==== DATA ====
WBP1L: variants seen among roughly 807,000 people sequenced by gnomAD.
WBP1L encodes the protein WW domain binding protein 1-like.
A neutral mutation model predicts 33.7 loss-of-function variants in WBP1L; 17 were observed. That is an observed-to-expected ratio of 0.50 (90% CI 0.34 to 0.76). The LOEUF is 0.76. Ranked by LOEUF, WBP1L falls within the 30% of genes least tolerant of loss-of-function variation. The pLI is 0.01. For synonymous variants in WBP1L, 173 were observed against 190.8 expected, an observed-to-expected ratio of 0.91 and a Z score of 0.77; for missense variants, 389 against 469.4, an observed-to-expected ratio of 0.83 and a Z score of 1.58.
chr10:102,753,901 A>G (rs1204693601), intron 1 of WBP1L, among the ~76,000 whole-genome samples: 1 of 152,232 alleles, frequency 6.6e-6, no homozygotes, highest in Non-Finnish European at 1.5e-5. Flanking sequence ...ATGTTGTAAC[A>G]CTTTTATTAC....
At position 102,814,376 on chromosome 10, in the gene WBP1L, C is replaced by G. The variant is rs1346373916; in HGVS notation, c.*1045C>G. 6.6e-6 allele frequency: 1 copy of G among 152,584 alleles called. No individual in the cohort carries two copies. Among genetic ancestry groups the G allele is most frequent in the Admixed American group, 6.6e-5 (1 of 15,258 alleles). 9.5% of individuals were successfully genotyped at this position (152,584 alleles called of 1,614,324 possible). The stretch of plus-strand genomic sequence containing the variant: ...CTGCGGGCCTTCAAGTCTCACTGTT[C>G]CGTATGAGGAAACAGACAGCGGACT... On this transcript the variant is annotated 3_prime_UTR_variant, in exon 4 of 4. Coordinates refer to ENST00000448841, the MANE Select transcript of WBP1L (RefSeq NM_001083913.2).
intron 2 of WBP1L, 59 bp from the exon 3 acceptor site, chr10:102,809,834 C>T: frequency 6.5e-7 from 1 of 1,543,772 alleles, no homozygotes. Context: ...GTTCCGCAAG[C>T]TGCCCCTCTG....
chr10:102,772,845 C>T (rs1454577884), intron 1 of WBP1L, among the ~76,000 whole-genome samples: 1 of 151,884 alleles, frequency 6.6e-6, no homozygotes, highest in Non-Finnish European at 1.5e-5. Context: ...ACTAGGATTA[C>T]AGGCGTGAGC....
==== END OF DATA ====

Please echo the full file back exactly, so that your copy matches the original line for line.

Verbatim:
WBP1L: variants seen among roughly 807,000 people sequenced by gnomAD.
WBP1L encodes the protein WW domain binding protein 1-like.
A neutral mutation model predicts 33.7 loss-of-function variants in WBP1L; 17 were observed. That is an observed-to-expected ratio of 0.50 (90% CI 0.34 to 0.76). The LOEUF is 0.76. Ranked by LOEUF, WBP1L falls within the 30% of genes least tolerant of loss-of-function variation. The pLI is 0.01. For synonymous variants in WBP1L, 173 were observed against 190.8 expected, an observed-to-expected ratio of 0.91 and a Z score of 0.77; for missense variants, 389 against 469.4, an observed-to-expected ratio of 0.83 and a Z score of 1.58.
chr10:102,753,901 A>G (rs1204693601), intron 1 of WBP1L, among the ~76,000 whole-genome samples: 1 of 152,232 alleles, frequency 6.6e-6, no homozygotes, highest in Non-Finnish European at 1.5e-5. Flanking sequence ...ATGTTGTAAC[A>G]CTTTTATTAC....
At position 102,814,376 on chromosome 10, in the gene WBP1L, C is replaced by G. The variant is rs1346373916; in HGVS notation, c.*1045C>G. 6.6e-6 allele frequency: 1 copy of G among 152,584 alleles called. No individual in the cohort carries two copies. Among genetic ancestry groups the G allele is most frequent in the Admixed American group, 6.6e-5 (1 of 15,258 alleles). 9.5% of individuals were successfully genotyped at this position (152,584 alleles called of 1,614,324 possible). The stretch of plus-strand genomic sequence containing the variant: ...CTGCGGGCCTTCAAGTCTCACTGTT[C>G]CGTATGAGGAAACAGACAGCGGACT... On this transcript the variant is annotated 3_prime_UTR_variant, in exon 4 of 4. Coordinates refer to ENST00000448841, the MANE Select transcript of WBP1L (RefSeq NM_001083913.2).
intron 2 of WBP1L, 59 bp from the exon 3 acceptor site, chr10:102,809,834 C>T: frequency 6.5e-7 from 1 of 1,543,772 alleles, no homozygotes. Context: ...GTTCCGCAAG[C>T]TGCCCCTCTG....
chr10:102,772,845 C>T (rs1454577884), intron 1 of WBP1L, among the ~76,000 whole-genome samples: 1 of 151,884 alleles, frequency 6.6e-6, no homozygotes, highest in Non-Finnish European at 1.5e-5. Context: ...ACTAGGATTA[C>T]AGGCGTGAGC....